The Move to Online Learning in the Banking and Finance Industry: If You Work in a Financial Institution, the Chances Are You Are Either Using Online Learning, or Will Be Shortly. Have You Have Ever Wondered What Online Learning Really Is, Why It Is More Prevalent and What the Real Benefits Are?

By Mahoney, Scott | Journal of Banking and Financial Services, December 2003 | Go to article overview

The Move to Online Learning in the Banking and Finance Industry: If You Work in a Financial Institution, the Chances Are You Are Either Using Online Learning, or Will Be Shortly. Have You Have Ever Wondered What Online Learning Really Is, Why It Is More Prevalent and What the Real Benefits Are?


Mahoney, Scott, Journal of Banking and Financial Services


Online learning in its various forms has been around for over ten years; however it is only recently that organisations (especially heavily regulated companies such as financial institutions) have embraced the medium as an answer to their training and development problems.

Certainly, not every organisation gets it right the first time. Online learning is not just simply about putting a couple of courses on the internet. Far from it. I think of online learning as a blend of strategy and technology, which allows for across-the-board access to training and development.

My definition of online learning, based on years of experience, is: "access to--and management of--training and development using an online medium". If your organisation takes a simplistic view of what online learning is, it is likely to face implementation difficulties.

The elements of online learning

Whilst the term is broad, online learning usually consists of these elements:

* Courses (content): This usually refers to a course accessed via the web, but can include CD-ROMs and paper-based and facilitator led courses (if the student enrols in them via the internet), as well as assessments.

* Learning Management System (LMS): This is the system (or application) that a user accesses to search for course content, or else to enrol in the course. Normally the LMS is accessible via the web, intranet or both.

* Learning Content Management System (LCMS): Some LMS applications only allow users to carry out course enrolments, completions etc, rather than manage content. In order to maintain courses (including changes and author assessments), a LCMS is required. Good full featured LMS applications provide both LMS and LCMS functions.

* Content authoring tools: These are applications that allow a content developer to create online content, including online assessments.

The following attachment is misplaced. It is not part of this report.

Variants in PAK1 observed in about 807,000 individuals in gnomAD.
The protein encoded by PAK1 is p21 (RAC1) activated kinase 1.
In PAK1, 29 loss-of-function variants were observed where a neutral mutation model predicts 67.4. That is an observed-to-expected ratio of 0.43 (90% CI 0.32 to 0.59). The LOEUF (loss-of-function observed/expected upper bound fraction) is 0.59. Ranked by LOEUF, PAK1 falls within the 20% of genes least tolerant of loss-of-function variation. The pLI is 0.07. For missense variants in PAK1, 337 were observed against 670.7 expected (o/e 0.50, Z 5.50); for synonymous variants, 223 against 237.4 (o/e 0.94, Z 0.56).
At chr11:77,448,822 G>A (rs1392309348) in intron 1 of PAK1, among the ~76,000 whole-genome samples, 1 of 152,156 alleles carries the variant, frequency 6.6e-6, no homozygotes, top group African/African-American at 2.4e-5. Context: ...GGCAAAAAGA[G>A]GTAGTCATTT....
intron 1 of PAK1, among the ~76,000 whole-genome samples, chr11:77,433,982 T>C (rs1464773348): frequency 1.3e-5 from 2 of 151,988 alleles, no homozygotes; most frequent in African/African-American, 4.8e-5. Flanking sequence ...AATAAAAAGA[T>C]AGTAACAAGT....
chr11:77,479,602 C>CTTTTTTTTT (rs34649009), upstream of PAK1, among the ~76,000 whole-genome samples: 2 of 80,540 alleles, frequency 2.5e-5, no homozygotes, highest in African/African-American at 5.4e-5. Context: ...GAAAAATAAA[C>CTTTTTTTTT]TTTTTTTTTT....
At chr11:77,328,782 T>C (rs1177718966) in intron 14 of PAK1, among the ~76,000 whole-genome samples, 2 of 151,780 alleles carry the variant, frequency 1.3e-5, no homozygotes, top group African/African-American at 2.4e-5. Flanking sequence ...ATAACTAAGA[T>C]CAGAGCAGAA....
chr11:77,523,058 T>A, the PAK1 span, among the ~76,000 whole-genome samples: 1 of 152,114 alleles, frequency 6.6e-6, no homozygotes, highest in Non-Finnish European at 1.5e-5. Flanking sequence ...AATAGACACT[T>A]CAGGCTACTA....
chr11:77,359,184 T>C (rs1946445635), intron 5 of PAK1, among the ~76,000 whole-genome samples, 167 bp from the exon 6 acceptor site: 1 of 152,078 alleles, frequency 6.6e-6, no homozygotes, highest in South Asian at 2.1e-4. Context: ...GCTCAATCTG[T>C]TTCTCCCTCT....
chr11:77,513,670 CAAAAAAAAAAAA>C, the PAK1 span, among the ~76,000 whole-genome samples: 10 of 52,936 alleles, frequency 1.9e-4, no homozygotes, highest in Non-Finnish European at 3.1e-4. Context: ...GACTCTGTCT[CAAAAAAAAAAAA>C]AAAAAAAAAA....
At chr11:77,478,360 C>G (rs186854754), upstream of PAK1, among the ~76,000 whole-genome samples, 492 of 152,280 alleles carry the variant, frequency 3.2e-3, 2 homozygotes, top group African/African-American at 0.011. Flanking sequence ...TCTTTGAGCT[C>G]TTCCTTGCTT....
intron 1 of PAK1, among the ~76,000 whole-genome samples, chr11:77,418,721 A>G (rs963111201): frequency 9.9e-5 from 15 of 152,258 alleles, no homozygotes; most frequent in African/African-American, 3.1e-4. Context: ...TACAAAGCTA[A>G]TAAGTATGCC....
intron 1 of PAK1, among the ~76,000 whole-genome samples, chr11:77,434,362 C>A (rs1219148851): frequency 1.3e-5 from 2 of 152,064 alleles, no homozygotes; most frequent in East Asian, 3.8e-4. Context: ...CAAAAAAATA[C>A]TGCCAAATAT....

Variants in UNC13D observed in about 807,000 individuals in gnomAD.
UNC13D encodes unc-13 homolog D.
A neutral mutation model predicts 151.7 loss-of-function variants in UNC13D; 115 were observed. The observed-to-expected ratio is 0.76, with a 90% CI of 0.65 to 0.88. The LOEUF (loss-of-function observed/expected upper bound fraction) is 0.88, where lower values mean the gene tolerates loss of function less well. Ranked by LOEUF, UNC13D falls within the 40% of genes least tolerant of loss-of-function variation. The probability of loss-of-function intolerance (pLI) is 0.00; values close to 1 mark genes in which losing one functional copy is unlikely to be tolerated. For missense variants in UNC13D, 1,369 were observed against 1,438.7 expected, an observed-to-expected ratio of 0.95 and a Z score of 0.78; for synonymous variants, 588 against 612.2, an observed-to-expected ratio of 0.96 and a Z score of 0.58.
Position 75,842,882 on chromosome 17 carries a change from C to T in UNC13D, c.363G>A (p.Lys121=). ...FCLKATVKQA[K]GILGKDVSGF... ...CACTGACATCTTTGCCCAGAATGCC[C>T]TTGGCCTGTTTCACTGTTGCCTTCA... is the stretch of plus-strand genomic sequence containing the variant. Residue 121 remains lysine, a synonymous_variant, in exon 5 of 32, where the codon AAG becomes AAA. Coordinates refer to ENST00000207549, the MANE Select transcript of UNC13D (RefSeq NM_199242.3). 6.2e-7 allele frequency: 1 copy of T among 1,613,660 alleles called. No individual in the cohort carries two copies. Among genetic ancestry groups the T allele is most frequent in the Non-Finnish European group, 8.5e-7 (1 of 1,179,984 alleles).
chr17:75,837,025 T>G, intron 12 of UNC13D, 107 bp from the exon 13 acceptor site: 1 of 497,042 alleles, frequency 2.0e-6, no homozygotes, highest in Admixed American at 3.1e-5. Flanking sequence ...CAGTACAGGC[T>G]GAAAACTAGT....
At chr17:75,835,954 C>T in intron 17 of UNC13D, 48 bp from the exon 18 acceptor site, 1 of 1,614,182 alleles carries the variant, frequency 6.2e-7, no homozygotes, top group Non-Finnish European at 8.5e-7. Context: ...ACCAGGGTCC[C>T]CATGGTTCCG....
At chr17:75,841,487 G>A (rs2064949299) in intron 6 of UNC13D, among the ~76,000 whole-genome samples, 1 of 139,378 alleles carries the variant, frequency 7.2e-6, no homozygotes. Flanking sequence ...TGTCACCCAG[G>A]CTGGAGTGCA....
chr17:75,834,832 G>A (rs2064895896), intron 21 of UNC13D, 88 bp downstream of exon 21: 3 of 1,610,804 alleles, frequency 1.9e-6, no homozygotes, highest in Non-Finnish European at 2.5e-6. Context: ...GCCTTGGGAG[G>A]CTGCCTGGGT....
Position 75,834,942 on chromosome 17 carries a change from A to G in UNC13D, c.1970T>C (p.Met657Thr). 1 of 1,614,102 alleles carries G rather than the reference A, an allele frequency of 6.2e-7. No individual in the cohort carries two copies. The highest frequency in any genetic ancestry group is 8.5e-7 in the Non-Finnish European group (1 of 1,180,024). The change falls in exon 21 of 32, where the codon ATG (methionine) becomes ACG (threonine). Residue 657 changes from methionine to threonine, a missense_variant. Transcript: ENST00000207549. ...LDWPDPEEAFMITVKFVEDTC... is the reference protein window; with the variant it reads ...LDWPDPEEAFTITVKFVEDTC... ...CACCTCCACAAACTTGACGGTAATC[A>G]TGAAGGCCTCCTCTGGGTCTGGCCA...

* Performance management, analytics and reporting: This may be part of the LMS or separate components. These applications provide the student and the organisation's management with a way to measure training effectiveness and return on investment, amongst other things. It is especially useful for risk managers to determine how widely risk training is taking place across the organisation.

* Learning support: This oft-forgotten component is a help centre which provides first level queries from learners; and may assist with learning vendor and venue management.

* Communications: A good communications strategy is essential to ensuring that all users are kept informed and key stakeholders are supporting online learning.

* Governance and process: The most important part of online learning success. This deals with processes that govern how the system is used, from the way business units present training requests, right through to how a user interacts with the online learning systems.

This is the "people part". It's by far the most complex part of online learning, and generally the most neglected.

Why use online learning?

I would be the first to admit that you can't beat a good face-to-face training event in terms of changing behaviours and encouraging participants to retain skills and information. But such learning is costly to create, deliver and manage. When did you last attend a face-to-face session? The answer probably is a while ago and the reason is cost, resources and time.

The biggest benefits for financial institutions choosing online can be summarised as follows:

* Reduced cost of training large numbers of staff, particularly geographically dispersed staff

* Improved "speed to market"--with online learning you can train more people faster

* Improved ability to manage training information, including completion rates, demographic penetration, performance, compliance and competency management analytics

* Increased access to training and development opportunities for staff

* Consistency of delivery of training to staff--all staff know how to access and manage training on a self-service basis. …

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The Move to Online Learning in the Banking and Finance Industry: If You Work in a Financial Institution, the Chances Are You Are Either Using Online Learning, or Will Be Shortly. Have You Have Ever Wondered What Online Learning Really Is, Why It Is More Prevalent and What the Real Benefits Are?
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